PAUL SMITHS — Paul Smith’s College is taking part in a pilot program this summer with the East Shore Schroon Lake Association to curb the spread of aquatic invasive species.
The effort is evaluating the effectiveness of flushing a boat’s water-holding compartments of remnant water to prevent the spread of zebra-mussel larvae and other microscopic aquatic invasive species.
“Boats that are not properly drained and dried prior to use are a major risk for spreading various AIS from water body to water body,” State Department of Environmental Conservation Commissioner Joe Martens said in a press release.
“This pilot program will evaluate the practicality and boater acceptance of flushing these water holding compartments prior to launching.”
FLUSH THE BILGE
New regulations require that boats be drained of water and that the boat, trailer and associated equipment be cleaned of all visible plant and animal material before launching from or leaving DEC land where vessels can head into the water.
As part of the pilot program, boat-launch stewards at DEC boat launches on Cranberry Lake, Second Pond, Great Sacandaga Lake and Schroon Lake are asking boaters to flush the bilge, livewells and baitwells if they contain remnant water from a prior boating trip, the release said.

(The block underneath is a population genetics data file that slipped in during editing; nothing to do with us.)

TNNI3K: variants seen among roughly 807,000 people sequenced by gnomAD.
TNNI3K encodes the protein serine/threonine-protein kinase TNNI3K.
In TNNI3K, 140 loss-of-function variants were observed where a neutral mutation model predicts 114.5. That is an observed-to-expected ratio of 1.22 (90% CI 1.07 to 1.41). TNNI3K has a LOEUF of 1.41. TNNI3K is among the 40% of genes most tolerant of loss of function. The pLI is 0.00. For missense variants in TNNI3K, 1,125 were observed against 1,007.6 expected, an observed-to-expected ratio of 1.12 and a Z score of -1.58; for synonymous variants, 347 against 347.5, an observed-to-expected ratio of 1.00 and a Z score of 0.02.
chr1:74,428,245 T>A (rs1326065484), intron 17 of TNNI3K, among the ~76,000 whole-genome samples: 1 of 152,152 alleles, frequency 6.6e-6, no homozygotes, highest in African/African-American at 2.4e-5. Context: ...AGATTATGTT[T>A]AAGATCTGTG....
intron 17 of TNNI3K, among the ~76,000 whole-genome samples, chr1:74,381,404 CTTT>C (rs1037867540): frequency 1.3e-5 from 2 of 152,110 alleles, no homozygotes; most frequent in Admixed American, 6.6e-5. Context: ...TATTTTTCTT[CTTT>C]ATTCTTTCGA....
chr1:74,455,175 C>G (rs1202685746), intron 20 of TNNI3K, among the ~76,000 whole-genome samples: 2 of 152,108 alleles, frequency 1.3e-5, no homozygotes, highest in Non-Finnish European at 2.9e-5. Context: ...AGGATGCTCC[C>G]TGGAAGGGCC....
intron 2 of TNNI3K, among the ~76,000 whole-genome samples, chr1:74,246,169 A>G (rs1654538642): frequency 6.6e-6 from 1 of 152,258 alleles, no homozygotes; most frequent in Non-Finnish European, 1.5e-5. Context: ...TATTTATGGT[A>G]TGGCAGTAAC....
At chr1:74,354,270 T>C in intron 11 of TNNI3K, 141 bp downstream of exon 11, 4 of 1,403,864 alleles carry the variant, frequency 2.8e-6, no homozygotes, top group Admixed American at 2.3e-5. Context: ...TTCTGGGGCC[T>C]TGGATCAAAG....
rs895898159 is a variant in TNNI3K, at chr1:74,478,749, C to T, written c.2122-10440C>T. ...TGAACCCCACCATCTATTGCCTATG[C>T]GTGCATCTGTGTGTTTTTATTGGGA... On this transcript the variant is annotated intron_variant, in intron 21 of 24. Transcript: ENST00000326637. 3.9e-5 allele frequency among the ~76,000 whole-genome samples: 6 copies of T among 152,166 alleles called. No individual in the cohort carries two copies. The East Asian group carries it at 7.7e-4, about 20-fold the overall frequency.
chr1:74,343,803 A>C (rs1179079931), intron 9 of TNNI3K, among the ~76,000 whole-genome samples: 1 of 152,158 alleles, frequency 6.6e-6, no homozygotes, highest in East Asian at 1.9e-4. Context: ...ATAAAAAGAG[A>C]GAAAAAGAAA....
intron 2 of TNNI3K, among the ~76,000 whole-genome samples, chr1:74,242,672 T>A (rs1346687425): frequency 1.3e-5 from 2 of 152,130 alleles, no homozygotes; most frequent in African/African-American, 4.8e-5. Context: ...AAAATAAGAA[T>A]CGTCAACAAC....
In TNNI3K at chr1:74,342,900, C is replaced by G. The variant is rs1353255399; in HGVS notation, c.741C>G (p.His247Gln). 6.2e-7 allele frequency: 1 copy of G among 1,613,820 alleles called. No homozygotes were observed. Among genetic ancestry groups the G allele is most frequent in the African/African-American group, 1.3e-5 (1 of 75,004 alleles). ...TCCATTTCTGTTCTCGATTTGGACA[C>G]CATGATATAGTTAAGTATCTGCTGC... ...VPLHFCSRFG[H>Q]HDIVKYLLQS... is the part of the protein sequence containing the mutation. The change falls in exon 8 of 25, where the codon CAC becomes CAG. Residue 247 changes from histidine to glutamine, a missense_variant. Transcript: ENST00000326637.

Boats whose hulls are infested with zebra mussels will be directed to a boat-cleaning facility or marine repair shop that provides the service.
The stewards will also evaluate various kinds of spray equipment that can be used at boat launches that don’t have electric and water service.
GOAL IS SIMPLICITY
They will also assess the receptivity of boaters to the program.
“Our ultimate goal is to develop a simple and effective methodology that boaters can follow that provides the desired protection from the spread of AIS but at the same time does not unduly burden boaters or overly restrict boating,” Martens said in the release.